Hocken has also received funding from the ASU/NASA Space Grant program to continue her research. The next step for the project is to use nanoparticles that are functionalized. The nanoparticles will chemically react with the polymer resin to potentially create an even stronger network that can be utilized for tissue engineering and additive manufacturing.
In her recent journal publication, Hocken reported on her work to investigate “systems with inert nanoparticles that did not react with the polymer networks or the photoinitiator within the composite,” she says. “Now I am investigating the effects of implementing functionalized nanoparticles that will chemically react to see how this will alter the mechanical and physical properties of the nanocomposite.”
Hocken’s love for research also extends abroad. She spent this past summer in Jena, Germany, participating in the DAAD Research Internships in Science and Engineering program. Called the RISE program, it allows students from English-speaking countries to live in Germany for a summer and conduct research alongside a German doctoral student. Hocken was selected to work in the Otto Schott Institute for Materials Research.
“In Jena, I conducted research on novel drug delivery mechanisms,” says Hocken. “We produced nanoparticles from varying concentrations of copolymer using a technique called nanoprecipitation.”
Those nanoparticles can then be used as drug vehicles within the body to deliver medication to specific organs. Different medications degrade at different rates and in different environments, requiring drug vehicles that match these medications’ specific degradation patterns.
“We worked to analyze these nanoparticles using various techniques,” says Hocken. “It will allow us to better pair medications with drug vehicles, the nanoparticles, derived from different concentrations of copolymer.”
In addition to her research, Hocken fully immersed herself in her new environment.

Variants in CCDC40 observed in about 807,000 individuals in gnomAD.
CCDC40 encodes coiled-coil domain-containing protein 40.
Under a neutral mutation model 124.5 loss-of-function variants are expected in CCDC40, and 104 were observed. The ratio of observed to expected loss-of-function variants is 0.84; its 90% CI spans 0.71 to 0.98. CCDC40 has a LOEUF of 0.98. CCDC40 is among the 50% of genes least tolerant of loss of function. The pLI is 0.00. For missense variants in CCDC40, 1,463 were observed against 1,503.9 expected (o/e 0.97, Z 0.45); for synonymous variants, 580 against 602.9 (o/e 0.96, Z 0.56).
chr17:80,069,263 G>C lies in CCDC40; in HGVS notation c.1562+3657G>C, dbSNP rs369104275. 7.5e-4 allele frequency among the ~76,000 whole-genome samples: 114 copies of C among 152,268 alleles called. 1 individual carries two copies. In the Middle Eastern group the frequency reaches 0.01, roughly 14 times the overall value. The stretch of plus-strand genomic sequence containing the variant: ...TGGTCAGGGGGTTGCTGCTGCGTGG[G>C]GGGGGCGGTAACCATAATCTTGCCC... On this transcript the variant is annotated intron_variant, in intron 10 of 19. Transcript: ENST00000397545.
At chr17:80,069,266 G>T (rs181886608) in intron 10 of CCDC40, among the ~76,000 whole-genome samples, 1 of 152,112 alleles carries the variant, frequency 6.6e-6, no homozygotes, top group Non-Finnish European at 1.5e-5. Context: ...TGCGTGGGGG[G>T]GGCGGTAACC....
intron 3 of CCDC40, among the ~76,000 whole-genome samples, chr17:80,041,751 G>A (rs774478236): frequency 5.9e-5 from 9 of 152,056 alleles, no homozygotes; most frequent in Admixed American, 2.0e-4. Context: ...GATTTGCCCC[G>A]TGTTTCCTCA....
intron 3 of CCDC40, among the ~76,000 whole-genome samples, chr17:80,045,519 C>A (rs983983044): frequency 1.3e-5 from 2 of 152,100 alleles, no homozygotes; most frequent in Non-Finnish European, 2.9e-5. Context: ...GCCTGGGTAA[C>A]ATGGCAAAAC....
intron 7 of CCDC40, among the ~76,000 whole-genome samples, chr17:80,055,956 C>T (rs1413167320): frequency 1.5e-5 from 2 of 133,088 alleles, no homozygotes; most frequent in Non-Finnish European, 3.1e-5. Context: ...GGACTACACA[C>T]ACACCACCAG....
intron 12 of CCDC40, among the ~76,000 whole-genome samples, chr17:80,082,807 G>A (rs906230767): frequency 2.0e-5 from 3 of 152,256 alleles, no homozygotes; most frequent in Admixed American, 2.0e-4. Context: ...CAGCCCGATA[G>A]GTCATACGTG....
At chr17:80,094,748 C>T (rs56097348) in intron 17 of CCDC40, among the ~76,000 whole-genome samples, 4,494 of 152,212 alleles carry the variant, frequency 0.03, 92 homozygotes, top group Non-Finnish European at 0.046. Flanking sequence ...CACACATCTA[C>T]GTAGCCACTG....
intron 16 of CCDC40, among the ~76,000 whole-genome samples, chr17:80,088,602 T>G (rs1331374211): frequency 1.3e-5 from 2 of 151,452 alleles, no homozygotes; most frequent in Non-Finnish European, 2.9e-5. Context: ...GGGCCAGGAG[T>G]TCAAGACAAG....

“During my 10 weeks abroad, I traveled to over 15 different German towns and cities to experience the various cultures across the country and to try the many, many delicious foods,” recalls Hocken.
“I also met many extraordinary people along the way,” she adds. “My labmates were so incredibly welcoming and supportive. Also, I was able to meet many other RISE interns, some of whom I have formed life-long friendships with. This experience was seriously so incredible, and I cannot think of a better way to have spent my summer.”
Reaching new heights as a role model
Back in Tempe, Hocken is currently a community assistant in Vista del Sol, an ASU residential community for upper-division students in ASU’s Barrett, The Honors College.
“I am the middle woman between my residents and the many resources that ASU has to offer,” says Hocken. “I love interacting with all of them and hearing about their individual endeavors. I enjoy giving them advice about topics ranging from deciding on career paths to telling them about my favorite places to study.”
When she’s not studying or in the lab, Hocken looks for ways to introduce the sciences to other curious minds. Beyond research, the ASU/NASA Space Grant program puts a huge focus on students performing education outreach — enabling Hocken to get involved in efforts to inspire future generations of young women.
“Outreach is something I am very passionate about, specifically with women in STEM,” says Hocken. “Being a part of this program allows me to be that role model for another young woman who may be struggling to find her way through the beginnings of her STEM career.”